How a Pastor CAN and CANNOT Lead the Church through the Pulpit

  1. Through the pulpit, a pastor can lead the church by how he preaches. People will remember how we preach long after they forget what we preach.

Passionate preaching of the Word of God teaches church members to value the Word in their own lives and demonstrates that the future of the church will be based on the Word. I recently preached what I knew was not my best sermon. Giving it a 4 out of 10 would be generous. (And, whenever you are reading this, you can be sure that I recently preached a 4 out of 10 sermon!). After the worship service, three church members came up to encourage me. Actually, I think it was to console me!. One comment stood out. A gentleman said, “I really appreciate how much you value the Word of God.” Even though what I preached that day wasn’t as helpful to this gentleman as I would have liked, how I preached still encouraged him to love and respond to God’s Word.  

Faithful preaching of the Word teaches church members how to read and study the Bible for themselves and how to teach the Bible to others. As we preach, we are able to give the congregation glimpses into how we approach the text, the questions we ask, and the applications we draw. Over time, preaching will lead the church toward solid interpretation and application of Scripture, which not only helps individuals as they read their own Bible, but also develops discernment for listening to other sermons. 

  1. Through the pulpit, a pastor can lead the church through difficult situations, but cannot lead individuals through their personal issues. The pulpit is a place for wise counsel but is not the place for counseling.

Biblical preaching, over time, will shape the hearts and minds of our congregation. As we preach the Gospel and the full counsel of God’s Word, we can lead people to think biblically about various situations they might face in life. In this way, pastors can lead their congregation through personal, local, and cultural crises. 

However, the pulpit is not the place to address individual issues in front of the full congregation. Rarely, if ever, would a pastor do this by using the person’s name. More often it occurs when a pastor uses the sermon to address an issue or make a point that directly affects one person. Do nott be passive-aggressive from the pulpit. If possible, speak to the person the week before the sermon if there is concern that a sermon topic or point might feel overly targeted to that person. Lead the church by providing wise, biblical counseling from the pulpit; just do not attempt targeted or nuanced counseling from the pulpit.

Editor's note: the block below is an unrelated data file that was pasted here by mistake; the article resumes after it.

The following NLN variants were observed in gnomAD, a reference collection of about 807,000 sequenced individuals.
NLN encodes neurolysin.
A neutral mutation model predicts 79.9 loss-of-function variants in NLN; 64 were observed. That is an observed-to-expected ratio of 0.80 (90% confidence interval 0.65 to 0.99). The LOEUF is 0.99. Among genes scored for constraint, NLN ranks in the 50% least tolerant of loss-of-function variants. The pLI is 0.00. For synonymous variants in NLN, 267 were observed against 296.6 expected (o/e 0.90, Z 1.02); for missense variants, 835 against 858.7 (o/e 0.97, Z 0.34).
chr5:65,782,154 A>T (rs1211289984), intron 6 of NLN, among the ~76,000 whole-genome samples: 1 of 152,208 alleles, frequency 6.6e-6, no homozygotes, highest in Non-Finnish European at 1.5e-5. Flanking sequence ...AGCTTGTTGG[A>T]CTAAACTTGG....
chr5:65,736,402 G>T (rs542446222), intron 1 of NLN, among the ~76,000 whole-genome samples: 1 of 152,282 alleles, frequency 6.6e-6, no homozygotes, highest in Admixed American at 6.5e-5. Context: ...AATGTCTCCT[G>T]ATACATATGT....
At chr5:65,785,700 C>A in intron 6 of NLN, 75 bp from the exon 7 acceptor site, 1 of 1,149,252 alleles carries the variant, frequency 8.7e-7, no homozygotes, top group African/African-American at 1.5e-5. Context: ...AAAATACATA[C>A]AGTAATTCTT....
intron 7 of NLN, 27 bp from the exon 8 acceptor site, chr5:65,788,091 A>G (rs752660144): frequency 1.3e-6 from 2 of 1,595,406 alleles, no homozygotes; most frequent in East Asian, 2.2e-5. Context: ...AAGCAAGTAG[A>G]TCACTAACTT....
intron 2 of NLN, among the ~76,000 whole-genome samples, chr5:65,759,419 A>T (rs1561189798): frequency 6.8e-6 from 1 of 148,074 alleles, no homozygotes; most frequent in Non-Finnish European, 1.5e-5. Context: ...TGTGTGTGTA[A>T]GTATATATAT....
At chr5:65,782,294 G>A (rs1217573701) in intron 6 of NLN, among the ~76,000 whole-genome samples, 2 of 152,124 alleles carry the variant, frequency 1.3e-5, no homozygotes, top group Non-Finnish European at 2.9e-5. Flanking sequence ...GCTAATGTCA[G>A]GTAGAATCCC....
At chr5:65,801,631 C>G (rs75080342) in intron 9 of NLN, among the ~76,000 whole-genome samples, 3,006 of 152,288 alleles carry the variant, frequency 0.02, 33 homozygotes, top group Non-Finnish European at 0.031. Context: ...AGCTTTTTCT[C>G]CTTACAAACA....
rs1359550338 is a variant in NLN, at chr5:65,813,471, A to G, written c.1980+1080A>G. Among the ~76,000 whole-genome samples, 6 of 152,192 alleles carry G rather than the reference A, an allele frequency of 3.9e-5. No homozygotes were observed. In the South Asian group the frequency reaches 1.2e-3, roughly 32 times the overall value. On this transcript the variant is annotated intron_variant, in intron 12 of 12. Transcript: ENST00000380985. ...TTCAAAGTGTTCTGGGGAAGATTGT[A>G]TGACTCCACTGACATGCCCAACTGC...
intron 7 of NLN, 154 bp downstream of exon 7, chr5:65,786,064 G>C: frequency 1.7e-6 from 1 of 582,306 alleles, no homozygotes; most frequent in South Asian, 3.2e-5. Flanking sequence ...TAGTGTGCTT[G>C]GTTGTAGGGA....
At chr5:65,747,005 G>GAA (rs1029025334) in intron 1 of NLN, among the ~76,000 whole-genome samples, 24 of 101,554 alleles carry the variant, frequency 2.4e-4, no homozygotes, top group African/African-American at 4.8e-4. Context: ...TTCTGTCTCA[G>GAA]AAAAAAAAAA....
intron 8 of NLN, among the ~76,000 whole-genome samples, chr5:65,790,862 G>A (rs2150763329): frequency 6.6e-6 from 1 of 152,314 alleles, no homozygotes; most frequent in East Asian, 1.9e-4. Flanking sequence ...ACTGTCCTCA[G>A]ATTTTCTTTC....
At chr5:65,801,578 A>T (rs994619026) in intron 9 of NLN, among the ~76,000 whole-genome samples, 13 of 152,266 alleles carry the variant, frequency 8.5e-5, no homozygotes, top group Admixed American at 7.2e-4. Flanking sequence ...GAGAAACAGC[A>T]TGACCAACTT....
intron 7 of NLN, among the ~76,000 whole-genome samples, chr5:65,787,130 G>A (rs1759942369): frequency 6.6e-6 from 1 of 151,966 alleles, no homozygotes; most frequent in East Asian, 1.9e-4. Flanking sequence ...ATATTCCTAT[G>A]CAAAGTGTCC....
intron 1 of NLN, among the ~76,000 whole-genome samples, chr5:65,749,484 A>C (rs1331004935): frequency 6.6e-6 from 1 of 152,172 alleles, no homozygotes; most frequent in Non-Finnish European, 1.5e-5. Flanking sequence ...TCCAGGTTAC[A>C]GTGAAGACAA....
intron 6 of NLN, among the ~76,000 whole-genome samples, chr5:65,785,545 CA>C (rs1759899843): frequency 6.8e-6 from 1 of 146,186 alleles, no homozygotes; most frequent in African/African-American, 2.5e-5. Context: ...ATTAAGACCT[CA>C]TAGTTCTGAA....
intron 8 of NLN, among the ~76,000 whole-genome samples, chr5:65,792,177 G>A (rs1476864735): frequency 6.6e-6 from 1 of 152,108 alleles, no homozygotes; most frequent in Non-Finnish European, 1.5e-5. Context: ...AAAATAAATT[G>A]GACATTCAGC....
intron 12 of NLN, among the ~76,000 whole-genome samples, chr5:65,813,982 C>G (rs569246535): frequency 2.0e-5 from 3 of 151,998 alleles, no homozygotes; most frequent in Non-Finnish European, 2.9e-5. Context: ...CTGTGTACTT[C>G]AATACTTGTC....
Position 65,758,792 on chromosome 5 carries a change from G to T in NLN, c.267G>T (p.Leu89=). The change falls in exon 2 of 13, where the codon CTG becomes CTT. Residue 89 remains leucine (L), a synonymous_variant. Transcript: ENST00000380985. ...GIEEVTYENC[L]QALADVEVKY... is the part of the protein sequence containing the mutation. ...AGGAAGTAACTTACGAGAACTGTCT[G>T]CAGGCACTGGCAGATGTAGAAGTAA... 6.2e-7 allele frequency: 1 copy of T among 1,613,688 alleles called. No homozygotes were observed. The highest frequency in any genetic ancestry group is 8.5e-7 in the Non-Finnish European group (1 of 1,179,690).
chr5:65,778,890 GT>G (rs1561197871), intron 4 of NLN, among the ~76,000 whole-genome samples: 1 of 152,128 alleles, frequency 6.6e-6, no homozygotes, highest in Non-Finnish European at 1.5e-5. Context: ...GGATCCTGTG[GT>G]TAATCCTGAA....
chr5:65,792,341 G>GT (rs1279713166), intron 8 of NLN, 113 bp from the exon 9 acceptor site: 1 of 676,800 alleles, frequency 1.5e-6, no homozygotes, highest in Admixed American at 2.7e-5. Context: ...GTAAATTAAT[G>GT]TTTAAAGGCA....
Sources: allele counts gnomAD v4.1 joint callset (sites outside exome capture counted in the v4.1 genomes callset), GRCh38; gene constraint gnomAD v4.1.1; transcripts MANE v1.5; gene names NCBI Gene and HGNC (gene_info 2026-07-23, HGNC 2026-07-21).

1. Through the pulpit, a pastor can lead the church into the future, but cannot use the pulpit to dictate future decisions for the church.

Preaching is a wonderful opportunity to lay out the preferred future for the church. In fact, helping people see where the church needs to go and who the church needs to become is a key responsibility for leaders. The preacher must be careful, though, of using the pulpit to make decisions for the church that should be made by the staff, committees, or congregation as a whole. Preachers prepare the canvas, but they should be cautious about choosing the colors. Preach in such a way that members are excited about the future and equipped to use their gifts, talents, and resources to do the work of the ministry.

  1. Through the pulpit, a pastor can lead the church toward a shared ministry focused on Christ, but cannot lead the church to see the pastor as the crucial figure for the church’s future.

“Now there arose up a new king over Egypt, which knew not Joseph.” (Exodus 1:8; KJV)

“Preach the gospel, die, and be forgotten.” (attributed to Nikolaus Zinzendorf) 

As pastors look toward long-term leadership at a church, imagining anyone else in the pulpit can become difficult if we begin to see ourselves as the primary leader of the church. Instead, we must remind ourselves that Jesus leads the church, and we want to preach and lead in a way that puts all the focus on Him.

“For what we proclaim is not ourselves, but Jesus Christ as Lord, with ourselves as your servants for Jesus’ sake.” (2 Corinthians 4:5; ESV)

Pastors can lead by raising up new leaders in the church, sharing the pulpit with other, biblically qualified preachers, and ensuring that every sermon proclaims the Good News of Jesus Christ. We must battle against a perceived form of religious celebrity. And, we must battle against leading the church through the pulpit toward any sort of codependency on us. Faithful preaching will exalt Christ and equip the Church for the future..

Owen Nease is the Pastor of Emmaus Baptist Church, Moore and can be reached at owen@emmausokc.org.

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